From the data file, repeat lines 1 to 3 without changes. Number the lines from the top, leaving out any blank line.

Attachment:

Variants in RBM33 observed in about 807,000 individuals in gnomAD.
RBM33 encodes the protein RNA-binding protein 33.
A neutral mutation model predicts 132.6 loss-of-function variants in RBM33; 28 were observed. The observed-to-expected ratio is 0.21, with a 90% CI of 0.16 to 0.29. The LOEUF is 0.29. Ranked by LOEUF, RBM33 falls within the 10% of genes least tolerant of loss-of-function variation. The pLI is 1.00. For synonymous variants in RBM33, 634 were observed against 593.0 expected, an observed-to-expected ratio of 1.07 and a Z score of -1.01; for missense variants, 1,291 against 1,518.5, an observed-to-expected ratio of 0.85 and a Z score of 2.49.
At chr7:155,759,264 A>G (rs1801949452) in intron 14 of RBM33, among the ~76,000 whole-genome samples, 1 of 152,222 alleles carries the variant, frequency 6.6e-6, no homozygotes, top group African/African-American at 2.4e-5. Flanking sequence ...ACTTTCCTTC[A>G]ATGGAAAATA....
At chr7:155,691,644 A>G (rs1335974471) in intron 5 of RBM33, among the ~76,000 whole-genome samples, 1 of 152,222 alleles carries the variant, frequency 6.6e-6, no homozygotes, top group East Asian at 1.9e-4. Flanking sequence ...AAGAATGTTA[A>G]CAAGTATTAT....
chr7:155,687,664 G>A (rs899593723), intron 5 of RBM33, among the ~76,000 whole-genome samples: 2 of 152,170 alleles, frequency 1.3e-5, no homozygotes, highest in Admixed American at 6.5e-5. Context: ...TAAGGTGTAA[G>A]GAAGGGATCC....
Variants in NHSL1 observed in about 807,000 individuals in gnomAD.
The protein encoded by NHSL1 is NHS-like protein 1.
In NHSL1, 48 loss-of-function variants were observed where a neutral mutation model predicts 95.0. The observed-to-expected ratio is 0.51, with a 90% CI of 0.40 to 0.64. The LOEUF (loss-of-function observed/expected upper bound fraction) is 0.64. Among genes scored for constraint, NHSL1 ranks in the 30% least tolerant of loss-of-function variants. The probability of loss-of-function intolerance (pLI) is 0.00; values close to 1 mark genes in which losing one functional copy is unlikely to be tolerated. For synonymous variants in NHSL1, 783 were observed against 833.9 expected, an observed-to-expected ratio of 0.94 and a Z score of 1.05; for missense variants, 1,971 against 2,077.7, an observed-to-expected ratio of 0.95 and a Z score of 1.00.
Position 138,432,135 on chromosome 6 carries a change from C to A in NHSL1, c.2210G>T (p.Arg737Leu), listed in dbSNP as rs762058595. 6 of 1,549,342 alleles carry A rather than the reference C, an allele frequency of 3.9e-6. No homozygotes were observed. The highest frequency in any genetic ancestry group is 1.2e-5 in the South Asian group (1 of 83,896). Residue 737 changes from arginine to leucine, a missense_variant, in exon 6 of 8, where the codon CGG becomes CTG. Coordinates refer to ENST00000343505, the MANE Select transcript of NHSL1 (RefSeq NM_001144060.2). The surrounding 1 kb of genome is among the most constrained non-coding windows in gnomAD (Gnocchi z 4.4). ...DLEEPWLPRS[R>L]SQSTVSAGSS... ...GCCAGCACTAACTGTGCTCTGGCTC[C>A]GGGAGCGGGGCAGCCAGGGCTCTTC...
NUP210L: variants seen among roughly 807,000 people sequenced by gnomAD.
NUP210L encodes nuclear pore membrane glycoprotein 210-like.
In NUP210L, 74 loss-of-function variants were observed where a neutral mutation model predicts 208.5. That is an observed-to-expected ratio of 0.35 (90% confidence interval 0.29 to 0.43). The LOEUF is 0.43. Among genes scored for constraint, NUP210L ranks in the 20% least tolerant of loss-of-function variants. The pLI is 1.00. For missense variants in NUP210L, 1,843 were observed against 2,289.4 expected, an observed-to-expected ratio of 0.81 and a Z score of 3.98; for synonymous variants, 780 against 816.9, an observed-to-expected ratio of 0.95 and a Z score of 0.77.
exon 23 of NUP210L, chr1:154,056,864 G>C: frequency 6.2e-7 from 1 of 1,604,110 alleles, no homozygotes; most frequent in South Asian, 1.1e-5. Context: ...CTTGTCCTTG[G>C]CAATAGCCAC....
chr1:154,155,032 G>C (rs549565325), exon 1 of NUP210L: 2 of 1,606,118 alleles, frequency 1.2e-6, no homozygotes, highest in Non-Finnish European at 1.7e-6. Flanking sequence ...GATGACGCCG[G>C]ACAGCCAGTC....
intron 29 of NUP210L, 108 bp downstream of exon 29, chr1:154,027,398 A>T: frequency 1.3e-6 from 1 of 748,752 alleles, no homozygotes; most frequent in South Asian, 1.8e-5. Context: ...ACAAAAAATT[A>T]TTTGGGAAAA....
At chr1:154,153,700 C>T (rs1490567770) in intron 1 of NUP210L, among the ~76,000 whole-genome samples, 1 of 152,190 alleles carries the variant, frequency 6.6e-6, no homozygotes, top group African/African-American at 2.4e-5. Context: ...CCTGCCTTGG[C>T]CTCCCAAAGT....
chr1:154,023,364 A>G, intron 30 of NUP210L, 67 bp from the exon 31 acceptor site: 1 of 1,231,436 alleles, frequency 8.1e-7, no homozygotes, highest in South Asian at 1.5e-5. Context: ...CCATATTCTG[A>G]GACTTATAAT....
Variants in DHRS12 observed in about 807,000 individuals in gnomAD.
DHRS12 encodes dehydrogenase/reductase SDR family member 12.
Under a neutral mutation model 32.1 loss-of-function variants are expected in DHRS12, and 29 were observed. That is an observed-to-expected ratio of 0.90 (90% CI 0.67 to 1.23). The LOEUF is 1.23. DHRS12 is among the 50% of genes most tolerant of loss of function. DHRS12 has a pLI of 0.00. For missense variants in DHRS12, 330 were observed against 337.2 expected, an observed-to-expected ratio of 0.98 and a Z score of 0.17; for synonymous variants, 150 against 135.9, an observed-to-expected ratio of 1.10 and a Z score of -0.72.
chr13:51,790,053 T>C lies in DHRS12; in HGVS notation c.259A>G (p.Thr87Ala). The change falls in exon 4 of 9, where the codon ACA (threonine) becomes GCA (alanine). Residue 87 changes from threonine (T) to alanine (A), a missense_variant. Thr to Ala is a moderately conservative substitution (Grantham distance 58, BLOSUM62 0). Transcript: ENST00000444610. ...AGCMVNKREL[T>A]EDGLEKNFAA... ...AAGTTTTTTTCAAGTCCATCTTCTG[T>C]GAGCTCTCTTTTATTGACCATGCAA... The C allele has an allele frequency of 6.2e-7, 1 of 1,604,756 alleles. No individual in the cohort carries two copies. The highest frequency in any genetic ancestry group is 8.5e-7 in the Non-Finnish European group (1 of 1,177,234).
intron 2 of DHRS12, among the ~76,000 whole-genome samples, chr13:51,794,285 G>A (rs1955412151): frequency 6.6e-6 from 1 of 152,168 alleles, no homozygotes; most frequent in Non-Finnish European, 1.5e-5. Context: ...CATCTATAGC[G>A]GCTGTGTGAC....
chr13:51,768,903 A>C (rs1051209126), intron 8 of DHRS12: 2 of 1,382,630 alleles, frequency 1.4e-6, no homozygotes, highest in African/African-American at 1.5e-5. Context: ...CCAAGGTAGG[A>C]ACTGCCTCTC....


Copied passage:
Variants in RBM33 observed in about 807,000 individuals in gnomAD.
RBM33 encodes the protein RNA-binding protein 33.
A neutral mutation model predicts 132.6 loss-of-function variants in RBM33; 28 were observed. The observed-to-expected ratio is 0.21, with a 90% CI of 0.16 to 0.29. The LOEUF is 0.29. Ranked by LOEUF, RBM33 falls within the 10% of genes least tolerant of loss-of-function variation. The pLI is 1.00. For synonymous variants in RBM33, 634 were observed against 593.0 expected, an observed-to-expected ratio of 1.07 and a Z score of -1.01; for missense variants, 1,291 against 1,518.5, an observed-to-expected ratio of 0.85 and a Z score of 2.49.